writer, photographer, programmer, dad

Author: Michael Hartford (Page 4 of 35)

“Yorrick” by Budi Darma

A student moves to an attic apartment on a quiet street hoping to connect with the beautiful girl across the street, and finds himself squeezed out from the society of the neighborhood by his roommate.

Another story set in an attic apartment in a neighborhood populated solely by the elderly and college students, with some wonderfully absurdist moments (the party where the narrator’s efforts at revenge take an O. Henry twist is especially strange). This touches on the same themes as the rest of the collection – loneliness, isolation, and the strange habits of Midwestern white people – with a somewhat more comic flair.

“Orez” by Budi Darma

A woman whose family seems cursed by miscarriage and birth defects has a child of her own, who seems possessed by an especially rambunctious and even violent nature.

This story has an almost fairy tale quality to it; the child Orez seems fantastical, almost imp-like. It may be the second-saddest story in the collection, with its conclusion leaving the child’s parents as isolated as ever while Orez himself is finally able to connect with his peers.

“The Family M” by Budi Darma

A man living in a large apartment building becomes obsessed with a family living nearby, at first wishing them ill and then wishing he could participate in their love and affection.

This is a very interior story; the narrator’s viewpoint gives unrelated events a feeling of causal determinism, and his feelings of loneliness and isolation color every encounter, no matter how mundane. It’s ultimately, I think, the saddest story in this collection, though it has absurdist humor running through it.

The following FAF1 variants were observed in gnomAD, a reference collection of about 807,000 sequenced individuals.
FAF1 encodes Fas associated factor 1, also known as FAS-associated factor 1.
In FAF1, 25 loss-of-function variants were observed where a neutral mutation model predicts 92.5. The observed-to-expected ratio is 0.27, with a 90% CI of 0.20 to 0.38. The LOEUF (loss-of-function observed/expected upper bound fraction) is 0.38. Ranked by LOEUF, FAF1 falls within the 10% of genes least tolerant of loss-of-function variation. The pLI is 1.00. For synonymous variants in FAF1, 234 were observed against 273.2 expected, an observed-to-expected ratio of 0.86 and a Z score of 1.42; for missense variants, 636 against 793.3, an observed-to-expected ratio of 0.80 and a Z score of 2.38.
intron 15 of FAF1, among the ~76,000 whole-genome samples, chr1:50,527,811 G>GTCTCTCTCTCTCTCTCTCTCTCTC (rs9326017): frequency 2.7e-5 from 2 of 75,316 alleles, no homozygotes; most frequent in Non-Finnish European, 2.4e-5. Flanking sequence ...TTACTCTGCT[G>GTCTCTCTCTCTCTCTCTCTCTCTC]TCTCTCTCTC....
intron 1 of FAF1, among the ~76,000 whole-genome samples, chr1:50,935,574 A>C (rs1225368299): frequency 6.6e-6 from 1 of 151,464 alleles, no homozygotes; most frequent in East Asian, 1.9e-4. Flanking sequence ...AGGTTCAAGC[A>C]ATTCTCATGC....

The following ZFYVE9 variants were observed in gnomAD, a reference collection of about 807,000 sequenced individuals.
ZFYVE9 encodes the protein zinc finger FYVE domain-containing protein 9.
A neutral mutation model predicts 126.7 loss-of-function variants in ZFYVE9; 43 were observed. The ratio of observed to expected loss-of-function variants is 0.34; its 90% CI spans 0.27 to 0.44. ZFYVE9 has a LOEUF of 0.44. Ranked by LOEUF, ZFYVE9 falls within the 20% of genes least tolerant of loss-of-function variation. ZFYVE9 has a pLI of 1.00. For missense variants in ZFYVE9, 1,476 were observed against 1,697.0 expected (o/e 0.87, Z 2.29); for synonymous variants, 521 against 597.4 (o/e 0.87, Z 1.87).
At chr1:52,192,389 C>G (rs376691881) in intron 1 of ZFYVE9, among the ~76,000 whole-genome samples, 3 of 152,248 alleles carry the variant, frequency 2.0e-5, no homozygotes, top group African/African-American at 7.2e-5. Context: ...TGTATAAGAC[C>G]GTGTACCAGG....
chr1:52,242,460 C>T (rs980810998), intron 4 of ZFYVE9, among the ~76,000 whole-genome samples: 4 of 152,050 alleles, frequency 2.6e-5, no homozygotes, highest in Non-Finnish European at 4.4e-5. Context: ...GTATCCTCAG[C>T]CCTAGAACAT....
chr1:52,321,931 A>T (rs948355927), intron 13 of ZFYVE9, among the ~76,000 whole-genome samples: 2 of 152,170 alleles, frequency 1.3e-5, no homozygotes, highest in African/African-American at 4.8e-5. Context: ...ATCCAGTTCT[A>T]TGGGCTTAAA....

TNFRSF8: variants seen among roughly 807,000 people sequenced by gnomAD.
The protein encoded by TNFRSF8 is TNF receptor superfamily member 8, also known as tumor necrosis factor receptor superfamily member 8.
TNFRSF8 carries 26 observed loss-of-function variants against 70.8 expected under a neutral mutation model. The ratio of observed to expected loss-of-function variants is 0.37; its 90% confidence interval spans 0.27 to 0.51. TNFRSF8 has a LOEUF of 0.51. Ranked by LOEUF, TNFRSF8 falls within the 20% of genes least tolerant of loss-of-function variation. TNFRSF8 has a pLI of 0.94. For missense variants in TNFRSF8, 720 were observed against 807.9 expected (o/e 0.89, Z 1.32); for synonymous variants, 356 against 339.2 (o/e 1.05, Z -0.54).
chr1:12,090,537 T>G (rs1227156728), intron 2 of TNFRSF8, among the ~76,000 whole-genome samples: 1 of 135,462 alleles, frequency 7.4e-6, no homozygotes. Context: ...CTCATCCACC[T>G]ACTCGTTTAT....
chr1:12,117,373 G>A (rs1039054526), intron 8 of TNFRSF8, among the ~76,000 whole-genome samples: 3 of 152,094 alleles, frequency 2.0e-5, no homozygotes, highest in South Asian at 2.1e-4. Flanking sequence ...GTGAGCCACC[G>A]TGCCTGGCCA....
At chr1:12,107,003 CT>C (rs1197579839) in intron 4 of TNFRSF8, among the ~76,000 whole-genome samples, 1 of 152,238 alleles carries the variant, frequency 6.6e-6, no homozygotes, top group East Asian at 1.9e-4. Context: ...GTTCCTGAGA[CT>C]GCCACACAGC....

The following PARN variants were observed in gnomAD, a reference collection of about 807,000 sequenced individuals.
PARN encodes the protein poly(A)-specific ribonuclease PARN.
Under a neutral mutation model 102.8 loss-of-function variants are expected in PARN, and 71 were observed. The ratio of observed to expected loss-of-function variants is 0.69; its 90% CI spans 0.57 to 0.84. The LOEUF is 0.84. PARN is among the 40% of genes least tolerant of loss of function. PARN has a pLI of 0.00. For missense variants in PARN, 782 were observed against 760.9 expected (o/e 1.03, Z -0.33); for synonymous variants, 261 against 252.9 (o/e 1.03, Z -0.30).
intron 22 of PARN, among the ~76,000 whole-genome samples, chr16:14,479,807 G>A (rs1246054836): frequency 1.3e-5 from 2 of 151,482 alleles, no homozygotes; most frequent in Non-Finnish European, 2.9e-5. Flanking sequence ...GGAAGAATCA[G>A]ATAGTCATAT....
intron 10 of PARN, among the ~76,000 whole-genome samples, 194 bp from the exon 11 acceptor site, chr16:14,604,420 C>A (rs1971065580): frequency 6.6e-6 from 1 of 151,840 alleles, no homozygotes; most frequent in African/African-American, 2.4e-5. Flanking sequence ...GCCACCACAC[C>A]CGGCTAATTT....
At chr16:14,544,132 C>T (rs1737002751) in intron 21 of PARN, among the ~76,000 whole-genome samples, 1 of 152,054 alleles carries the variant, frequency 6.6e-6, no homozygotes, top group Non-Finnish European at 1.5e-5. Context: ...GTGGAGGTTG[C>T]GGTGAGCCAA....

“Joshua Karabish” by Budi Darma

A young man submits his sickly roommate’s poems to a contest after his roommate’s death, and feels himself afflicted by the roommate’s illness.

Very much the same milieu as “The Old Man With No Name” – college student’s boarding in old people’s houses in Bloomington – and touching on similar themes of isolation. There’s a bit of an O. Henry feel to this one as well, with the protagonist causing unexpected and somewhat ironic events with his actions.

“The Old Man With No Name” by Budi Darma

A foreign student living in an attic apartment observes his elderly neighbors, including an old man whom he sees standing in the window across the street with a gun and with whom he forms an obsession.

This is a good introduction to Budi Darma’s “Bloomington” stories, touching on the themes of loneliness, isolation, and awkwardness that run through all of the stories in this collection. It’s also an interesting glimpse into some off the oddities of American life – notably yard work and hand guns – through an observant visitor’s eyes.

“Rogue Farm” by Charlie Stross

A farmstead is threatened by a biohacked organic collective creature with plans to launch itself to Jupiter.

This is an insanely inventive and rollicking story; I enjoyed how it throws one insane idea after another against the page without taking a moment to explain anything, implying an incredibly rich social and technological history that would take tomes to describe.

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